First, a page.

A meta-analysis of climate migration literature
Barbora Šedová (),
Lucia Čizmaziová and
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Barbora Šedová: Potsdam Institute for Climate Impact Research (PIK), Mercator Research Institute on Global Commons and Climate Change (MCC), University of Potsdam
Lucia Čizmaziová: Mercator Research Institute on Global Commons and Climate Change (MCC)
Athene Cook: Mercator Research Institute on Global Commons and Climate Change (MCC)
No 29, CEPA Discussion Papers from Center for Economic Policy Analysis
The large literature that aims to find evidence of climate migration delivers mixed findings. This meta-regression analysis i) summarizes direct links between adverse climatic events and migration, ii) maps patterns of climate migration, and iii) explains the variation in outcomes. Using a set of limited dependent variable models, we meta-analyze thus-far the most comprehensive sample of 3,625 estimates from 116 original studies and produce novel insights on climate migration. We find that extremely high temperatures and drying conditions increase migration. We do not find a significant effect of sudden-onset events. Climate migration is most likely to emerge due to contemporaneous events, to originate in rural areas and to take place in middle-income countries, internally, to cities. The likelihood to become trapped in affected areas is higher for women and in low-income countries, particularly in Africa. We uniquely quantify how pitfalls typical for the broader empirical climate impact literature affect climate migration findings. We also find evidence of different publication biases.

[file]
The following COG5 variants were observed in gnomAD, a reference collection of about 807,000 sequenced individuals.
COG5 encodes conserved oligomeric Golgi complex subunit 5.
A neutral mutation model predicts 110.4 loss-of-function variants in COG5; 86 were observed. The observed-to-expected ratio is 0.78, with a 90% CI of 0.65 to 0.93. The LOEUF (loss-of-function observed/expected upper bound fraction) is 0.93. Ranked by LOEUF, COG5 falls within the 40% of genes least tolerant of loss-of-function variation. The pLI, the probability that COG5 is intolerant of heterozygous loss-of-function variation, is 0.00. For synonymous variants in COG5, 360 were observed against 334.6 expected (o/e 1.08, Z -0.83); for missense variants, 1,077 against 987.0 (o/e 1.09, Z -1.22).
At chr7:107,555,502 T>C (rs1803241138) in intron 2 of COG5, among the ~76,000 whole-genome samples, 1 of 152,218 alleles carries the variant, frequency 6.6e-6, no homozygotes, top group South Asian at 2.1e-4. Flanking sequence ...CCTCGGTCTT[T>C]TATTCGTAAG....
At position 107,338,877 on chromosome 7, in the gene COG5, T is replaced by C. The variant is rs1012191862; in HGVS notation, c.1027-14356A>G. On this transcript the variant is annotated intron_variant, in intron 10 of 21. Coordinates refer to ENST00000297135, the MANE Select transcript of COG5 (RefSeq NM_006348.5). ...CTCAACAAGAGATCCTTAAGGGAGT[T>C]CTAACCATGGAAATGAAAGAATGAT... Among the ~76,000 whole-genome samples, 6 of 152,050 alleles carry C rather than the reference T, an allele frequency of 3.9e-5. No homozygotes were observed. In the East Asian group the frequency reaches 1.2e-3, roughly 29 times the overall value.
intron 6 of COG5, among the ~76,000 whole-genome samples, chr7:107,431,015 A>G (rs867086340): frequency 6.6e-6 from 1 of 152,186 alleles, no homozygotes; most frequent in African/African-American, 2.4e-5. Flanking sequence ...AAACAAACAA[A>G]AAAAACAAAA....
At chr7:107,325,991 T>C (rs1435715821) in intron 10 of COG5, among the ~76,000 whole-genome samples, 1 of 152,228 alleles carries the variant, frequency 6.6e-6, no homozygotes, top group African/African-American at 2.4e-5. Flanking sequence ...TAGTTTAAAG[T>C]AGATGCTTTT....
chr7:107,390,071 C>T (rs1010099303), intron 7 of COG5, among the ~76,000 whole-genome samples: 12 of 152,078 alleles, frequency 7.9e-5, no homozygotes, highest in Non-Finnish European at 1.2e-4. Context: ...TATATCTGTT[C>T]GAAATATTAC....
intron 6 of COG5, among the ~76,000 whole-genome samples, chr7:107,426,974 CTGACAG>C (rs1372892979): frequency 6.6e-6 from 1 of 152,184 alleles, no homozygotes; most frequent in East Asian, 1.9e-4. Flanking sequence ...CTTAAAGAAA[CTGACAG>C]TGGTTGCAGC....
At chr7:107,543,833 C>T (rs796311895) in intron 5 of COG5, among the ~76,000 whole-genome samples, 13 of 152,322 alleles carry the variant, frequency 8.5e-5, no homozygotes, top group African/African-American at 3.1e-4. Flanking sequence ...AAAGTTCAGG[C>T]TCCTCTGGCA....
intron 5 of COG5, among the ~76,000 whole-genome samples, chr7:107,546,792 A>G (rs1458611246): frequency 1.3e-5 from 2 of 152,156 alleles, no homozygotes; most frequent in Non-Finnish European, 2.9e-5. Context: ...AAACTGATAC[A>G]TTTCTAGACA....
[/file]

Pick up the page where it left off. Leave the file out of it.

Keywords: migration; climate change; meta-analysis (search for similar items in EconPapers)
JEL-codes: F22 O15 Q54 Q56 (search for similar items in EconPapers)
New Economics Papers: this item is included in nep-agr, nep-dev, nep-env and nep-mig
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Persistent link: https://EconPapers.repec.org/RePEc:pot:cepadp:29
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